April 19, 2011 |
A 9-year-old boy saved his drowning sister by administering CPR -- which, he says, he learned by watching television. Tristin Saghin and his family were visiting his grandmother in Mesa, Ariz., when his grandmother and mother suddenly realized that the 2-year-old girl had gone missing. They ran outside and found her floating in the swimming pool. As his elders called for help, Tristin began performing chest compressions and mouth-to-mouth on the toddler, according to the ABC15 news report . "I knew what I was doing," he is reported to have said.
January 25, 1988 |
"Television" reminds you of television. It promises a lot and delivers far less. That verdict is based on the initial three segments of the eight-part PBS series premiering tonight (8 p.m. on Channels 28, 58 and 15, 9 p.m. on Channel 50, 10 p.m. on Channel 24). A co-production of KCET Channel 28 and WNET in New York, the eight hours were inspired by and utilize a 13-hour series by Britain's Granada Television, also titled "Television."
CALIFORNIA | LOCAL
December 26, 1992
I was pleased to read that the three major television networks have agreed to issue a "uniform set of guidelines" for reduction of violence on the air. In a society that has the dubious distinction of being one of the most violent in the world, one wonders why it has taken decades for network officials to reach a pact of this kind. Now that there is hope for the elimination of violence from television, perhaps our esteemed media magnates will have the goodwill to purge the screen of racial stereotypes.
May 26, 1990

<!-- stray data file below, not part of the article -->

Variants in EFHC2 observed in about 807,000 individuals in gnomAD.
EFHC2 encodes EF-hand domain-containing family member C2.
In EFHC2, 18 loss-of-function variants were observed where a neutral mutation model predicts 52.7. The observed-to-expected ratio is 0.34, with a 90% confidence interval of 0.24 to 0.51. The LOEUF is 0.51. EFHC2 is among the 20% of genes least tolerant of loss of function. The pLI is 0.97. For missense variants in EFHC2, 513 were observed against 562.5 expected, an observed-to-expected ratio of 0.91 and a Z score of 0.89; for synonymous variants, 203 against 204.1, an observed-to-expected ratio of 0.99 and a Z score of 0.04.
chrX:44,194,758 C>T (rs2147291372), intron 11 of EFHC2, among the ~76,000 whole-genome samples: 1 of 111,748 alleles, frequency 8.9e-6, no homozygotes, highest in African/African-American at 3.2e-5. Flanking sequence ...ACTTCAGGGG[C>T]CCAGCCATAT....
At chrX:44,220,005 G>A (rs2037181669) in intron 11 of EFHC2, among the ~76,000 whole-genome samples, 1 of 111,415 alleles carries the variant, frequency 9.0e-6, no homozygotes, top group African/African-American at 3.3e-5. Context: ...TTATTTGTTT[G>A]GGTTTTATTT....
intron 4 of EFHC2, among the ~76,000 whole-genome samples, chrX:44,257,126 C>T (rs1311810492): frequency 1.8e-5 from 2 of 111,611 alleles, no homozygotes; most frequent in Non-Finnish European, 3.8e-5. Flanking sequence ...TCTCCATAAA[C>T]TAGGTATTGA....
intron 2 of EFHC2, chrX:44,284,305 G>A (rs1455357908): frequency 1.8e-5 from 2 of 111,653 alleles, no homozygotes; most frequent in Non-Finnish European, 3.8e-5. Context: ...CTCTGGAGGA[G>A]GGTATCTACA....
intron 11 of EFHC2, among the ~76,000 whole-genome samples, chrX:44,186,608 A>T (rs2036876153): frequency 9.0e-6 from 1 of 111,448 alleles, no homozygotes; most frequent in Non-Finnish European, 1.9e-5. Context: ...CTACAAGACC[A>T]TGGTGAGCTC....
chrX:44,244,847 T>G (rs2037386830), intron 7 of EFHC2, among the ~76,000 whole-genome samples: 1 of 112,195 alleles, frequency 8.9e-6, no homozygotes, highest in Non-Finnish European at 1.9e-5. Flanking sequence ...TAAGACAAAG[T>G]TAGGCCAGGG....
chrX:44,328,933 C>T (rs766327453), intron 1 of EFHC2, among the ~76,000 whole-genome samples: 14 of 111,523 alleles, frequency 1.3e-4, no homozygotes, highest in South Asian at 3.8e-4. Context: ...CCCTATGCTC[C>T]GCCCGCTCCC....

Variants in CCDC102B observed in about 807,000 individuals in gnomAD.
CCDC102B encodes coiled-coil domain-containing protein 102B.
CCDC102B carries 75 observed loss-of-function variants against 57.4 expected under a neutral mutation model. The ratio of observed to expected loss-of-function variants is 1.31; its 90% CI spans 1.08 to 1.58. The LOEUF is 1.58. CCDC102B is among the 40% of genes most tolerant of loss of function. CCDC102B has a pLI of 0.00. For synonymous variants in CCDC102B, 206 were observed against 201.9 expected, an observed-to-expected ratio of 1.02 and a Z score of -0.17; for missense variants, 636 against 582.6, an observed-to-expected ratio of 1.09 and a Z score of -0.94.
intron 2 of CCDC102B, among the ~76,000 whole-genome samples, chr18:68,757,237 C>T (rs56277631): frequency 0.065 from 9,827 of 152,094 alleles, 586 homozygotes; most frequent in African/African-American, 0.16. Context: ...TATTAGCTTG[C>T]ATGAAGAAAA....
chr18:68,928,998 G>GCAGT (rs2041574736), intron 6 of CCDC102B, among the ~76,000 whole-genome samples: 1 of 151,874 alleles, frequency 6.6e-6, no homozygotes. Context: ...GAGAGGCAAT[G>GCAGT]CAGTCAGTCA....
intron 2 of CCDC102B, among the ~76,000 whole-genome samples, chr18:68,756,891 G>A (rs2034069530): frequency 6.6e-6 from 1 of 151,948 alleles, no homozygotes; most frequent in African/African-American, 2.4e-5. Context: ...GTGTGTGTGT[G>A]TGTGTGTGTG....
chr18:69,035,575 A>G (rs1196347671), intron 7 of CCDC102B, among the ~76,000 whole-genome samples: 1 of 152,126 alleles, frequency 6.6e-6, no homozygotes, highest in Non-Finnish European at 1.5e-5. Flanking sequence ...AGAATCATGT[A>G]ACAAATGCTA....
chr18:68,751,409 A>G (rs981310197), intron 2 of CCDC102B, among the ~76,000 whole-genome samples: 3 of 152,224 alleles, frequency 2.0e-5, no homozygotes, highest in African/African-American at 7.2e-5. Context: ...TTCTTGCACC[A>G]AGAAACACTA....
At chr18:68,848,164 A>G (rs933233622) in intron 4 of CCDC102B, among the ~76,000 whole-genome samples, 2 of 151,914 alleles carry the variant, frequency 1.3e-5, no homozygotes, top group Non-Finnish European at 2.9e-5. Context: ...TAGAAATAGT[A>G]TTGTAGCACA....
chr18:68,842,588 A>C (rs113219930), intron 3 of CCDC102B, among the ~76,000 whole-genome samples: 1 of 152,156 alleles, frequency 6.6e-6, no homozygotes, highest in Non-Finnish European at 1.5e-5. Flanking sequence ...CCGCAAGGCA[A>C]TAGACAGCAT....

Howard Rosenberg's May 19 column, "TV: A Witness for the Execution?," failed to mention an important factor in the issue of whether executions should be televised: entertainment. People are entertained by savagery and death, and television is an entertainment medium. Boxing matches. Ice hockey. Racing car crashes. You name it. There is an audience, a sizable audience, for mayhem, cruelty and violence. Including executions. Bring them on. I'll be the first to tune in. LANNY R. MIDDINGS San Ramon, Calif.
August 25, 1985
"TV Snubs Incense Birth Control Campaigners--Major Television Outlets Have Declined to Air Controversial Messages" by Elizabeth Mehren (Aug. 2)--the title describes the issue. Interestingly, networks air programs with sexy bedroom scenes without showing the results--perhaps unwanted pregnancy. Explicit sex on TV influences the youth; however, networks refuse to take responsibility. Among the developed countries, our unintended pregnancy rate is among the highest at more than 3 million a year.
November 3, 1990
Perhaps the solution would be to require TV executives to look at their shows two hours a week in the company of their 9-to-15-year-old children or grandchildren. Their networks might change policies. JOHN A. WOODWARD III, Los Angeles
April 9, 1993 |
Singer Has HIV: Holly Johnson, former lead singer of the defunct pop group Frankie Goes to Hollywood, has the HIV virus that causes AIDS, the Times of London reported. The group's biggest hit, "Relax," urged gays to take pride in their sexuality and Johnson, a homosexual, said the virus would not force him to live a closeted lifestyle. "I've had some moments of black despair but it's a lot, lot worse for some people," Johnson, 33, said.
CALIFORNIA | LOCAL
January 25, 1991
It is Sunday afternoon. My husband is in the other room watching the Giants-49ers game. I'm here in the kitchen watching the best competitor to football--the war game. I and the rest of the world are actually watching the war on television. It's insanity! Gen. H. Norman Schwartzkopf (commander of allied forces) is interviewed by CNN. He looks and sounds like a football coach. Macho men are pitting their asinine virilities against one another. As I watch this obscene war game I can feel myself becoming desensitized to what is going on. There are people under those fireworks displays!